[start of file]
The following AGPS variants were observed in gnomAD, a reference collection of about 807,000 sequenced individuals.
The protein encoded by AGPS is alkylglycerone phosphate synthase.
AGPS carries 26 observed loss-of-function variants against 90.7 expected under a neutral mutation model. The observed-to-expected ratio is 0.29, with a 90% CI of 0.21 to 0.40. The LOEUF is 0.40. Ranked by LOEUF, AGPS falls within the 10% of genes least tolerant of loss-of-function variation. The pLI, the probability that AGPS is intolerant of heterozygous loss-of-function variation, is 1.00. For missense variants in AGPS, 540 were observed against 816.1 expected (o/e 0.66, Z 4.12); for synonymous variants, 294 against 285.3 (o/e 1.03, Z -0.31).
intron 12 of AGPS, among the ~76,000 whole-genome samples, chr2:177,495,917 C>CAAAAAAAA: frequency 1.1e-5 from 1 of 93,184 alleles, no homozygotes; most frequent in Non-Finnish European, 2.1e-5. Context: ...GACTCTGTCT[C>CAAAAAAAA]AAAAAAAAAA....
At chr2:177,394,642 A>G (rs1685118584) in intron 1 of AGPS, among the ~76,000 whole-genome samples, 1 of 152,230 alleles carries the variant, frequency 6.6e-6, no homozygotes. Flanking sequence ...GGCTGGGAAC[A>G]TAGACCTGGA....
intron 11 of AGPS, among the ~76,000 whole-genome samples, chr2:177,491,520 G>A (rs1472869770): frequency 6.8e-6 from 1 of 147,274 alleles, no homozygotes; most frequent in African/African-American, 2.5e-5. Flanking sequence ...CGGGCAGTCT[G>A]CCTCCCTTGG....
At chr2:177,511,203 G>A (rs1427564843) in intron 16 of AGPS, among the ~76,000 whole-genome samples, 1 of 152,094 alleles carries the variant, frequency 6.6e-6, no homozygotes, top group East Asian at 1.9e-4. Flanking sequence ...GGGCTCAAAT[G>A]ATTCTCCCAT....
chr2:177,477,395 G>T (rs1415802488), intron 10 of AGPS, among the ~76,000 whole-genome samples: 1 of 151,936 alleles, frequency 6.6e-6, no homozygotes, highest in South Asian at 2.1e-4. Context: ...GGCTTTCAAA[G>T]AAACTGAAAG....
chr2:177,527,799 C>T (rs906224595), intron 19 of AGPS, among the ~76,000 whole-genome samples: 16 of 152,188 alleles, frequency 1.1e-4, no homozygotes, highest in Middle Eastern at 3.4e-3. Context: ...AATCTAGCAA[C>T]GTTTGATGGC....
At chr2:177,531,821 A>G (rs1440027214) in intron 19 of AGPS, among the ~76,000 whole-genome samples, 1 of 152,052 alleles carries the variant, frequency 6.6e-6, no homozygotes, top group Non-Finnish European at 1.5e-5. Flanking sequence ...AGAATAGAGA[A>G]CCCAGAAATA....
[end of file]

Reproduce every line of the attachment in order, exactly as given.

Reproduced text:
The following AGPS variants were observed in gnomAD, a reference collection of about 807,000 sequenced individuals.
The protein encoded by AGPS is alkylglycerone phosphate synthase.
AGPS carries 26 observed loss-of-function variants against 90.7 expected under a neutral mutation model. The observed-to-expected ratio is 0.29, with a 90% CI of 0.21 to 0.40. The LOEUF is 0.40. Ranked by LOEUF, AGPS falls within the 10% of genes least tolerant of loss-of-function variation. The pLI, the probability that AGPS is intolerant of heterozygous loss-of-function variation, is 1.00. For missense variants in AGPS, 540 were observed against 816.1 expected (o/e 0.66, Z 4.12); for synonymous variants, 294 against 285.3 (o/e 1.03, Z -0.31).
intron 12 of AGPS, among the ~76,000 whole-genome samples, chr2:177,495,917 C>CAAAAAAAA: frequency 1.1e-5 from 1 of 93,184 alleles, no homozygotes; most frequent in Non-Finnish European, 2.1e-5. Context: ...GACTCTGTCT[C>CAAAAAAAA]AAAAAAAAAA....
At chr2:177,394,642 A>G (rs1685118584) in intron 1 of AGPS, among the ~76,000 whole-genome samples, 1 of 152,230 alleles carries the variant, frequency 6.6e-6, no homozygotes. Flanking sequence ...GGCTGGGAAC[A>G]TAGACCTGGA....
intron 11 of AGPS, among the ~76,000 whole-genome samples, chr2:177,491,520 G>A (rs1472869770): frequency 6.8e-6 from 1 of 147,274 alleles, no homozygotes; most frequent in African/African-American, 2.5e-5. Flanking sequence ...CGGGCAGTCT[G>A]CCTCCCTTGG....
At chr2:177,511,203 G>A (rs1427564843) in intron 16 of AGPS, among the ~76,000 whole-genome samples, 1 of 152,094 alleles carries the variant, frequency 6.6e-6, no homozygotes, top group East Asian at 1.9e-4. Flanking sequence ...GGGCTCAAAT[G>A]ATTCTCCCAT....
chr2:177,477,395 G>T (rs1415802488), intron 10 of AGPS, among the ~76,000 whole-genome samples: 1 of 151,936 alleles, frequency 6.6e-6, no homozygotes, highest in South Asian at 2.1e-4. Context: ...GGCTTTCAAA[G>T]AAACTGAAAG....
chr2:177,527,799 C>T (rs906224595), intron 19 of AGPS, among the ~76,000 whole-genome samples: 16 of 152,188 alleles, frequency 1.1e-4, no homozygotes, highest in Middle Eastern at 3.4e-3. Context: ...AATCTAGCAA[C>T]GTTTGATGGC....
At chr2:177,531,821 A>G (rs1440027214) in intron 19 of AGPS, among the ~76,000 whole-genome samples, 1 of 152,052 alleles carries the variant, frequency 6.6e-6, no homozygotes, top group Non-Finnish European at 1.5e-5. Flanking sequence ...AGAATAGAGA[A>G]CCCAGAAATA....